Explosions

During 1991, when the Crum was being used as the main remand centre for those facing political charges, Republican prisoners detonated a bomb in the canteen of the gaol's 'C' wing, killing two Loyalists and causing numerous injuries to their fellow UVF and UDA comrades. In retaliation, at a later date, Loyalists, from a firing point in the Shankill Estate, fired a rocket propelled grenade at one of the 3 canteens in the prison's 'A' Wing while Republican prisoners were using it, although it failed to detonate. Directly after the deaths of their two comrades, Loyalists escalated their campaign for segregation, held rooftop protests and badly injured a guard by emptying a container of boiling water over him. At one stage Loyalist prisoners, under the direction of the infamous Johnny 'Mad Dog' Adair, using a variety of makeshift tools broke through interior cell walls in the prison's A wing, leaving the prison staff with a security nightmare. Eventually all political remand prisoners, Republican and Loyalist, were transferred to Long Kesh prison in a high speed convoy of cellular prison vans, known colloquially as 'horseboxes'.

The Crumlin Road Gaol Closes It's Doors For The Last Time

At present, extensive developments are being carried out and the gaol is now a museum. Up until fairly recently, the Northern Ireland Office had been using the old Annexe, off D Wing, (where Life sentence prisoners on the pre-release working-out scheme had previously been housed) as a detention centre for refugees. All the previous watchtowers and 'sangars' from the entire front of the gaol have been removed, as has the solid front perimeter fence. The imposing front gate of the gaol, which was usually caked with black soot from nearly a century of wear, has been sandblasted and restored to its former Victorian grandeur.

The Crown Court building across the road from the prison, a listed building subject to strict building regulations, is no longer used and was in the hands of a local property developer. The property developer purchased the old Crumlin Road courthouse from the NIO for the desultory sum of £1 and it subsequently was badly damaged in a series of mysterious arson attacks..

The notorious underground Crumlin Road prison tunnel, which was the scene of many scuffles between remand prisoners and their RUC escorts, as they crossed under the Crumlin Road to the Court, has still been maintained. The gaol, including the subterranean tunnel, has been used recently as a film set, including being used as the backdrop for the Channel 4 drama-documentary about the scenario of a return of capital punishment called The Trial of Gary Glitter.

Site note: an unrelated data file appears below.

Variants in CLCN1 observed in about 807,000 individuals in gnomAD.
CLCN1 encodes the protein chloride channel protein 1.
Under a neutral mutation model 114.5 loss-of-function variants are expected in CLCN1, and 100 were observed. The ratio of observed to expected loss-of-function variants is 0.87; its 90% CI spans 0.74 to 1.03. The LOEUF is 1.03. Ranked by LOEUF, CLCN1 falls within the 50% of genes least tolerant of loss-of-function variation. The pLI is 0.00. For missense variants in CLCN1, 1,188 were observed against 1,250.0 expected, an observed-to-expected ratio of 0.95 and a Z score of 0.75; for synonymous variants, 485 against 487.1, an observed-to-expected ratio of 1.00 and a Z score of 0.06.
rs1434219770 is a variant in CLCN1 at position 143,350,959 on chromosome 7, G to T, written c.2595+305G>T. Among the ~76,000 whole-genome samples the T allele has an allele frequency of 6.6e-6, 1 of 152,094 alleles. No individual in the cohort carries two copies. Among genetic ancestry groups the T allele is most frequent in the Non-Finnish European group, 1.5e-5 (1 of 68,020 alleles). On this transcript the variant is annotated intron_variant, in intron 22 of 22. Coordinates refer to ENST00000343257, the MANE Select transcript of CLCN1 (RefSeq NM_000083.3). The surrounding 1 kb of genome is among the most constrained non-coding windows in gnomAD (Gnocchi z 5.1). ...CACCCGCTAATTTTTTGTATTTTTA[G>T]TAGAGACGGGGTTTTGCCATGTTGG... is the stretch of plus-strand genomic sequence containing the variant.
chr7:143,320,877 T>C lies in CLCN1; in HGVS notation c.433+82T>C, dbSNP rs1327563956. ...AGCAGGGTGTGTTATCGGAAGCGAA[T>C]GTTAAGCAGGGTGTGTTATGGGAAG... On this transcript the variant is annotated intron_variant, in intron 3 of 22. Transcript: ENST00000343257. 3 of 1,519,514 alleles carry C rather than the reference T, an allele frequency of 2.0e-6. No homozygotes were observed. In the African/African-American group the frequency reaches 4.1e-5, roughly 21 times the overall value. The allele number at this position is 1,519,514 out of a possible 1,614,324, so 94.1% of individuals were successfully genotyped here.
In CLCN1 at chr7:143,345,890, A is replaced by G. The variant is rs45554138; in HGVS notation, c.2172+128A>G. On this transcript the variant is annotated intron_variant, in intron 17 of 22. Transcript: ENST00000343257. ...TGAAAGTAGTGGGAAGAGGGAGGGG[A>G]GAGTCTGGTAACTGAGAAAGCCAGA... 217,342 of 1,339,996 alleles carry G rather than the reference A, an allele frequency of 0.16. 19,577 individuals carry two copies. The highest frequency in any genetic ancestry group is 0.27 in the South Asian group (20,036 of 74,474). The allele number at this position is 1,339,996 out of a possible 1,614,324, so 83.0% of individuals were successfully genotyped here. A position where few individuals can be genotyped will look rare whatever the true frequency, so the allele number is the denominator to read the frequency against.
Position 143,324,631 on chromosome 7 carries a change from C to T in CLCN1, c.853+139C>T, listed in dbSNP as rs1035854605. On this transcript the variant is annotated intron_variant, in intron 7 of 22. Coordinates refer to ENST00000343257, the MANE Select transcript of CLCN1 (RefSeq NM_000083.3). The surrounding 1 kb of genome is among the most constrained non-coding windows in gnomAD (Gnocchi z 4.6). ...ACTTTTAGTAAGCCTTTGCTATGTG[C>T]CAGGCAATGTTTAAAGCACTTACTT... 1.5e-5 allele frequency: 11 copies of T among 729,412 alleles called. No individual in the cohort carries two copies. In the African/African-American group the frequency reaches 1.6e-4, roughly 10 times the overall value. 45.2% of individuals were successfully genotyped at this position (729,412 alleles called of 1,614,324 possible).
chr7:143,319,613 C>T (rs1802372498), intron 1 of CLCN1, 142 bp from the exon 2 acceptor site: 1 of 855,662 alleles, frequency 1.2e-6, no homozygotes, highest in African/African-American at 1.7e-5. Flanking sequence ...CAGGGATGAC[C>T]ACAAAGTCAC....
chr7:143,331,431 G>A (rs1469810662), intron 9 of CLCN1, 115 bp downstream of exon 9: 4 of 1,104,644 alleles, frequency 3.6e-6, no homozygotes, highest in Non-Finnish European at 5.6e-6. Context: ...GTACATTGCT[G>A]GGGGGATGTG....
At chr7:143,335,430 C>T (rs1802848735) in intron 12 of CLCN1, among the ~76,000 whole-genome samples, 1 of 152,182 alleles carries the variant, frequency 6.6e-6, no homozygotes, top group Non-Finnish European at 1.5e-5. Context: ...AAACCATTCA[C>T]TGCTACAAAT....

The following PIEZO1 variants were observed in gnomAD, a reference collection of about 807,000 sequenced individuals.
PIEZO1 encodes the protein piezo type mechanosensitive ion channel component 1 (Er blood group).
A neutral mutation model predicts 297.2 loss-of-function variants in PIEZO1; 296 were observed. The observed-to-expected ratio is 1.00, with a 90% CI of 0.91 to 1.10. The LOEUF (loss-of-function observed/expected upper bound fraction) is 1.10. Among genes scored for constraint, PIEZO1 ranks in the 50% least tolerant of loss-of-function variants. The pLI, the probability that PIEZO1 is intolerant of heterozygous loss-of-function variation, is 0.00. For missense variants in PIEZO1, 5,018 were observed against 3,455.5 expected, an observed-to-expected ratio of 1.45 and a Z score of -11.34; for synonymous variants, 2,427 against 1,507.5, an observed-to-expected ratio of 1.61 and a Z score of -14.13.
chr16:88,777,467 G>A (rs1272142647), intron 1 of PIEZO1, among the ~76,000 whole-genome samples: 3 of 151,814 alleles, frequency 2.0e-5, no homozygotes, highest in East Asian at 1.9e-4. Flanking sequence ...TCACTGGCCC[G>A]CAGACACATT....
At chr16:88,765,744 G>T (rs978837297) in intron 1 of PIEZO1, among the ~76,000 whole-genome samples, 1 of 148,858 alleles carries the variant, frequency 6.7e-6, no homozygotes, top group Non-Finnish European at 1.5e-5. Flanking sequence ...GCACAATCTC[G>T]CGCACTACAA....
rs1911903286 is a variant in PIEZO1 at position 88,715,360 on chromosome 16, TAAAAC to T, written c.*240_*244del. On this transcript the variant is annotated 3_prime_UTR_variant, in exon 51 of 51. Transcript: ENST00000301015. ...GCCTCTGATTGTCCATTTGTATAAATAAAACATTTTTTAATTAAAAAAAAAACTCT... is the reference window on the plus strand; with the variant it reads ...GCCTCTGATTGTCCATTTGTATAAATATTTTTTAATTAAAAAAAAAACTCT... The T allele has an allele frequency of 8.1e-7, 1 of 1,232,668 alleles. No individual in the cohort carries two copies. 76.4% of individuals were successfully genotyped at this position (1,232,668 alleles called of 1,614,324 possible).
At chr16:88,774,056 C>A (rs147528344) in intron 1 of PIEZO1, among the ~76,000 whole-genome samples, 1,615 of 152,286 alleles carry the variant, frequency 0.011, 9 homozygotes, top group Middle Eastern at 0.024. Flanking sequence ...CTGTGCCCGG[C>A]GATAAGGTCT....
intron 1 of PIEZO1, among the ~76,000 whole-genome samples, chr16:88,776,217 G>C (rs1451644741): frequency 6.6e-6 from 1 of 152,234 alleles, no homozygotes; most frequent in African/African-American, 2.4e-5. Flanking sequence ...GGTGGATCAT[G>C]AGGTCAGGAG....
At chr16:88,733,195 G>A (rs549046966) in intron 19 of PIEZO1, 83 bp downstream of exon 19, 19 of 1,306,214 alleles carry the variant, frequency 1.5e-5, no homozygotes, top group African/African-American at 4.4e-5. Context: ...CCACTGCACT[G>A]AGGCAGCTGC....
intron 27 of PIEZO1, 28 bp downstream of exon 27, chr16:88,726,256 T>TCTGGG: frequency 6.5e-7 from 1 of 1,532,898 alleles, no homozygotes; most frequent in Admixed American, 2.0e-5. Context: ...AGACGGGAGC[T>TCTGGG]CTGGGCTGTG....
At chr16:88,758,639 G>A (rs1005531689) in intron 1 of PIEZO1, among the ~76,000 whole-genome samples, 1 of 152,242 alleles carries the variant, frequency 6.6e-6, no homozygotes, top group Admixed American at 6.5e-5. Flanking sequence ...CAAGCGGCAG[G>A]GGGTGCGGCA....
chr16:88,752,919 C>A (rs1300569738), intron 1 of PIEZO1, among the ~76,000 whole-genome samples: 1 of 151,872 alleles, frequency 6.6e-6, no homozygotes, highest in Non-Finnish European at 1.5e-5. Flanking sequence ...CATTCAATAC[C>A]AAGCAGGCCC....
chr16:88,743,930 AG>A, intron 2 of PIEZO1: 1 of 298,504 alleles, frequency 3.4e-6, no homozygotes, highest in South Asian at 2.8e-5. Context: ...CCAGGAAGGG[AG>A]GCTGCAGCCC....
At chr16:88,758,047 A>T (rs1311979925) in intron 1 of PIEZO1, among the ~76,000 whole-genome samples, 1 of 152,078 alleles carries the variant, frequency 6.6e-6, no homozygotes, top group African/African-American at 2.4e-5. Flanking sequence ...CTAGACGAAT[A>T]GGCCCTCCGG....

Very few individuals will have any fond or nostalgic memories of that overcrowded, vermin-infested, prison, which lacked even the most basic facilities. Ironically, the only cell in the prison that had internal plumbing, was the condemned cell, on 'C' Wing, reserved for those prisoners enduring the grim wait for the death penalty to be carried out. The Crumlin Road prison had originally been designed in Victorian times to be single-cell accommodation but by the time of its closure 2 - 3 persons were regularly sharing the Crum's distinctly cramped cellular accommodation. The International Red Cross had regularly condemned the building as unfit for human habitation and it is therefore unlikely that anyone, either prisoners or guards, were upset to see the infamous Crum, slamming closed it's imposing gates for the last time.

The Crum As A Tourist Attraction

Once the 'Crum was finally decommissioned and had passed out of the Prison Services Estates, it was painstakingly refurbished to what it must have looked like in Victorian times. All the old plethora of high-security measures, including watchtowers, military installations, razor wire, anti-helicopter wire, and extra fencing was removed. The old prison which had been rodent-infested was painstakingly returned to its original Benthamian and Lanyon model.

It's still a creepy place to visit with it's hanging scaffold and the Condemned Cell in C wing where many an unfortunate fellow spent his last days, including young Tom Williams, an IRA hero sentenced to death. Bizarrely to many, the Crum is used as a wedding venue by some.

Given its creepiness as a building, there are regular ghost hunts with reports of images of the supposed long dead appearing in the digital photography of some visitors. With larger and steadily larger areas of the old prison being refurbished, including the subterranean dungeons under the various wings where screws reportedly cowered during the Belfast Blitz during World War Two, leaving the unfortunate prisoners trapped well above the ground to face the might of the Luftwaffe's bombs. This year, as in past years, the Crum specializes in a mass Halloween ghost hunt. Changed times for many who were unfortunate enough to be kept there in very different circumstances in the not too distant past.

The Hanging Cell In Crumlin Road Gaol

A
crumlin road gaol tours belfast:
53-55 Crumlin Rd, Belfast BT14 6ST, UK

get directions

The Crum's Stock

Visitors enjoying their visit to the Crum
Visitors enjoying their visit to the Crum

© 2019 Liam A Ryan